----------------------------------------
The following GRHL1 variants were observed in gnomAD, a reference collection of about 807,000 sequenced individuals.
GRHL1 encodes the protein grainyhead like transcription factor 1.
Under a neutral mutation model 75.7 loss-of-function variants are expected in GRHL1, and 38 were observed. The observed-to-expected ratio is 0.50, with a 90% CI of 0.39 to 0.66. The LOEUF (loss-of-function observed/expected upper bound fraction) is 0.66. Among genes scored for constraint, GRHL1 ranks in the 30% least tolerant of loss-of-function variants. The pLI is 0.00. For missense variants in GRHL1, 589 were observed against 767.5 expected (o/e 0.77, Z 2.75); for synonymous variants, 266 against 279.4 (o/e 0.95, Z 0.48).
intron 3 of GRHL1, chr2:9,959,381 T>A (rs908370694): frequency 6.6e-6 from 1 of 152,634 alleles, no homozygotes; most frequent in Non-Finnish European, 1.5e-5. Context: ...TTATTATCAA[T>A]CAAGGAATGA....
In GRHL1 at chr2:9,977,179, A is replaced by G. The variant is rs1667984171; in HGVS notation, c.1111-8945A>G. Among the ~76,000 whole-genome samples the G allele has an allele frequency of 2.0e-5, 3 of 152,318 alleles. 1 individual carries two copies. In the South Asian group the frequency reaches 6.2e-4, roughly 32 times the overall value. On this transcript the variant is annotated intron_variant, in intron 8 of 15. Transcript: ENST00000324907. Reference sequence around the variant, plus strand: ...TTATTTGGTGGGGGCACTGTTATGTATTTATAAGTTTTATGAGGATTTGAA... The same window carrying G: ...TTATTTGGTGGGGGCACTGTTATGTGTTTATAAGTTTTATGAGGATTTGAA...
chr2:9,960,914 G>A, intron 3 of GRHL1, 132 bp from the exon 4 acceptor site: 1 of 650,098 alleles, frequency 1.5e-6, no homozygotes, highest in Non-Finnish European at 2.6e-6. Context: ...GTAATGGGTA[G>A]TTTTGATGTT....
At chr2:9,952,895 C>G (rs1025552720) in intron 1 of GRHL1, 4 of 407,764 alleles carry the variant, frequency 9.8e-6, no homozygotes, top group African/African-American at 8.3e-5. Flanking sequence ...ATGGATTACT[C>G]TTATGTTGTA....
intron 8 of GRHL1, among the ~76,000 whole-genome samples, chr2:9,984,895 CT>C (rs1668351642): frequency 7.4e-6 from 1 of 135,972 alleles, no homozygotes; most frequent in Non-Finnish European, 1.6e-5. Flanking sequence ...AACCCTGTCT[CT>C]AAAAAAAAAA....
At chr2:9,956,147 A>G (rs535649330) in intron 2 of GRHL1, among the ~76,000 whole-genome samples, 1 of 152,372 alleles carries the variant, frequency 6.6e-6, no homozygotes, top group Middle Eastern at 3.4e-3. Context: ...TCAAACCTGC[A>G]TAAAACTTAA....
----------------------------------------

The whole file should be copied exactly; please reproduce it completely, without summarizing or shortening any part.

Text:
The following GRHL1 variants were observed in gnomAD, a reference collection of about 807,000 sequenced individuals.
GRHL1 encodes the protein grainyhead like transcription factor 1.
Under a neutral mutation model 75.7 loss-of-function variants are expected in GRHL1, and 38 were observed. The observed-to-expected ratio is 0.50, with a 90% CI of 0.39 to 0.66. The LOEUF (loss-of-function observed/expected upper bound fraction) is 0.66. Among genes scored for constraint, GRHL1 ranks in the 30% least tolerant of loss-of-function variants. The pLI is 0.00. For missense variants in GRHL1, 589 were observed against 767.5 expected (o/e 0.77, Z 2.75); for synonymous variants, 266 against 279.4 (o/e 0.95, Z 0.48).
intron 3 of GRHL1, chr2:9,959,381 T>A (rs908370694): frequency 6.6e-6 from 1 of 152,634 alleles, no homozygotes; most frequent in Non-Finnish European, 1.5e-5. Context: ...TTATTATCAA[T>A]CAAGGAATGA....
In GRHL1 at chr2:9,977,179, A is replaced by G. The variant is rs1667984171; in HGVS notation, c.1111-8945A>G. Among the ~76,000 whole-genome samples the G allele has an allele frequency of 2.0e-5, 3 of 152,318 alleles. 1 individual carries two copies. In the South Asian group the frequency reaches 6.2e-4, roughly 32 times the overall value. On this transcript the variant is annotated intron_variant, in intron 8 of 15. Transcript: ENST00000324907. Reference sequence around the variant, plus strand: ...TTATTTGGTGGGGGCACTGTTATGTATTTATAAGTTTTATGAGGATTTGAA... The same window carrying G: ...TTATTTGGTGGGGGCACTGTTATGTGTTTATAAGTTTTATGAGGATTTGAA...
chr2:9,960,914 G>A, intron 3 of GRHL1, 132 bp from the exon 4 acceptor site: 1 of 650,098 alleles, frequency 1.5e-6, no homozygotes, highest in Non-Finnish European at 2.6e-6. Context: ...GTAATGGGTA[G>A]TTTTGATGTT....
At chr2:9,952,895 C>G (rs1025552720) in intron 1 of GRHL1, 4 of 407,764 alleles carry the variant, frequency 9.8e-6, no homozygotes, top group African/African-American at 8.3e-5. Flanking sequence ...ATGGATTACT[C>G]TTATGTTGTA....
intron 8 of GRHL1, among the ~76,000 whole-genome samples, chr2:9,984,895 CT>C (rs1668351642): frequency 7.4e-6 from 1 of 135,972 alleles, no homozygotes; most frequent in Non-Finnish European, 1.6e-5. Flanking sequence ...AACCCTGTCT[CT>C]AAAAAAAAAA....
At chr2:9,956,147 A>G (rs535649330) in intron 2 of GRHL1, among the ~76,000 whole-genome samples, 1 of 152,372 alleles carries the variant, frequency 6.6e-6, no homozygotes, top group Middle Eastern at 3.4e-3. Context: ...TCAAACCTGC[A>G]TAAAACTTAA....